WLTP electric van range figures criticised by AFP

Date: Wednesday, February 14, 2024   |   Author: Sean Keywood

Changes to the system for assessing electric van ranges are required to encourage adoption, according to the Association of Fleet Professionals (AFP).

The organisation said that having first called into question the official WLTP figures last year, it had seen problems becoming more apparent during the winter months.

Chair Paul Hollick said that operators of electric vans with a WLTP range of 200 miles had been experiencing half that range when the vans had a full load in cold conditions.

He said: “That’s a reduction that is extremely difficult for fleet managers to work their way around in operational terms.

“Ultimately, it means that the official data designed to guide fleets towards making informed buying decisions is at best, inaccurate and, at worst, leads to the purchase of vehicles that are not fit for purpose. These are very expensive mistakes for businesses to be making.”

Hollick said that WLTP labelling for vans needed to cover not just a load-free vehicle in warm conditions, but a variety of payload and weather variations.

He said: “Ideally, we’d end up with a grid that perhaps showed how vans operated with no load, a medium load and a full load in warm, normal and cold conditions. Also, it would be useful to know something about towing capacity.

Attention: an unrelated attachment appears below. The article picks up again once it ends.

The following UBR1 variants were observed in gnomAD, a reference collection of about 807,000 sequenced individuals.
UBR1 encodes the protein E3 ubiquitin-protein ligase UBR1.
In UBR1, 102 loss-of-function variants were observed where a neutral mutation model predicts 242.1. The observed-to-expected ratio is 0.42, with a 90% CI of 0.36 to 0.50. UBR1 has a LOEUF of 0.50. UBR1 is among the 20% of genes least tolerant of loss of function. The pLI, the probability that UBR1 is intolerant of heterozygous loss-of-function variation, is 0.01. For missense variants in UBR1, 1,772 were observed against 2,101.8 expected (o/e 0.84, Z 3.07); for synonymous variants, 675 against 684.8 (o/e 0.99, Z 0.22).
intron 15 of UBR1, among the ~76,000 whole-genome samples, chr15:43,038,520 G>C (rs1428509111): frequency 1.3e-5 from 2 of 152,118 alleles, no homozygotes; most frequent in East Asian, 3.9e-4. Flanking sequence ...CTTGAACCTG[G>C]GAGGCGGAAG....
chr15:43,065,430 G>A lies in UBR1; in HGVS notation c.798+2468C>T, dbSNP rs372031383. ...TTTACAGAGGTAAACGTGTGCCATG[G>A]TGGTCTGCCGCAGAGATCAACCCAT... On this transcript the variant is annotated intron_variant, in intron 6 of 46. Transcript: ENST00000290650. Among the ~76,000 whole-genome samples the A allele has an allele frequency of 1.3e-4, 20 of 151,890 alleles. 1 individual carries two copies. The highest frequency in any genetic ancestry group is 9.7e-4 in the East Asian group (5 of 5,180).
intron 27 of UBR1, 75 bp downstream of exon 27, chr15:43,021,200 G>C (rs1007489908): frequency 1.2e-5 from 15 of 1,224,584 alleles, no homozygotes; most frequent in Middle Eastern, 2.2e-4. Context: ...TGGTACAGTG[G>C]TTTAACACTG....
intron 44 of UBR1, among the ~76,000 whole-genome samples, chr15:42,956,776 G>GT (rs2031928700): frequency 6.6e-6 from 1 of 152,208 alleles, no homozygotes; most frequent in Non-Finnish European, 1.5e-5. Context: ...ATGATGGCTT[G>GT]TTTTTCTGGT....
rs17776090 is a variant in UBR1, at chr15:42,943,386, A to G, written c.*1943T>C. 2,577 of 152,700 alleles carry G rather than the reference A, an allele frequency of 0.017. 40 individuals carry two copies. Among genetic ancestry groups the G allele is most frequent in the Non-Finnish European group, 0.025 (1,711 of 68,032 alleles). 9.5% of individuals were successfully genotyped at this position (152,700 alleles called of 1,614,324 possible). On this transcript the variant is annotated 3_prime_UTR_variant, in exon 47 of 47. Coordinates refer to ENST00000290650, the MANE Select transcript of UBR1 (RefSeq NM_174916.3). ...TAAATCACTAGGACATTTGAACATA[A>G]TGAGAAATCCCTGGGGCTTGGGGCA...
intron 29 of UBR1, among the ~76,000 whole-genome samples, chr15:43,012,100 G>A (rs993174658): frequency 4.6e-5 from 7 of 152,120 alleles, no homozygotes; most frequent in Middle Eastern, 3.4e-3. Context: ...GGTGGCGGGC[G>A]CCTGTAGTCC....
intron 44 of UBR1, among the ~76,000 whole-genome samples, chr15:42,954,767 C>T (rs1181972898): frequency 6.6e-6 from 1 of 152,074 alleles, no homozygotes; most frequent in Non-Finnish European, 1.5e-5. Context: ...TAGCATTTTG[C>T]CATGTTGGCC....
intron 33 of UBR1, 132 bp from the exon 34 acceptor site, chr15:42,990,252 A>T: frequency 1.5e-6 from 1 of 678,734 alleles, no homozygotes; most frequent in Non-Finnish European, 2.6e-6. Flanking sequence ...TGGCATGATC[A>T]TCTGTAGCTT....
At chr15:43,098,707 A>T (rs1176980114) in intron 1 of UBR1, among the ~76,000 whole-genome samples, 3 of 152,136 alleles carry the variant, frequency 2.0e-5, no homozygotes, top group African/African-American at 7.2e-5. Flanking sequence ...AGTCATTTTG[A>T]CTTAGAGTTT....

“This is not a complex or onerous request but a fundamental one bearing in mind the technology.

“Ultimately, having an accurate idea of how electric vans will perform in real world conditions is critical to their successful adoption. Fleet managers can’t make informed buying decisions without having a good indication of range. 

“Instead, they are coming into work on cold mornings and finding that the routes they had planned are unviable, sometimes creating huge difficulties.”

Despite the issues being faced by some fleets, Hollick did add that many were operating electric vans without issue, because their operational needs were less demanding.

He said: “If you’re allocating electric vans with a light load to local routes, then you are unlikely to encounter any problems, and we have many members in that position for whom electrification is proving relatively easy. However, if you have bought a van with a 200-mile range because you need a 200-mile range, then the WLTP figures could result in you acquiring a vehicle that just doesn’t meet your requirements.

“What we need to happen is for the WLTP standard for electric vans to change but as the agreement is made at a United Nations level, bringing that pressure to bear is extraordinarily difficult, especially in a short timeframe.

“Perhaps there is potential for the UK to introduce its own labelling system alongside WLTP, perhaps as a manufacturer initiative and especially for light commercial vehicles, but this may also be a long shot.

“However, what is abundantly clear is that the existing WLTP range figures for electric vans are not fit for purpose and are acting as a potential roadblock to adoption. It’s a situation that benefits no-one – not manufacturers, not fleets, and not governments who want to see rapid adoption of zero emissions vehicles.”


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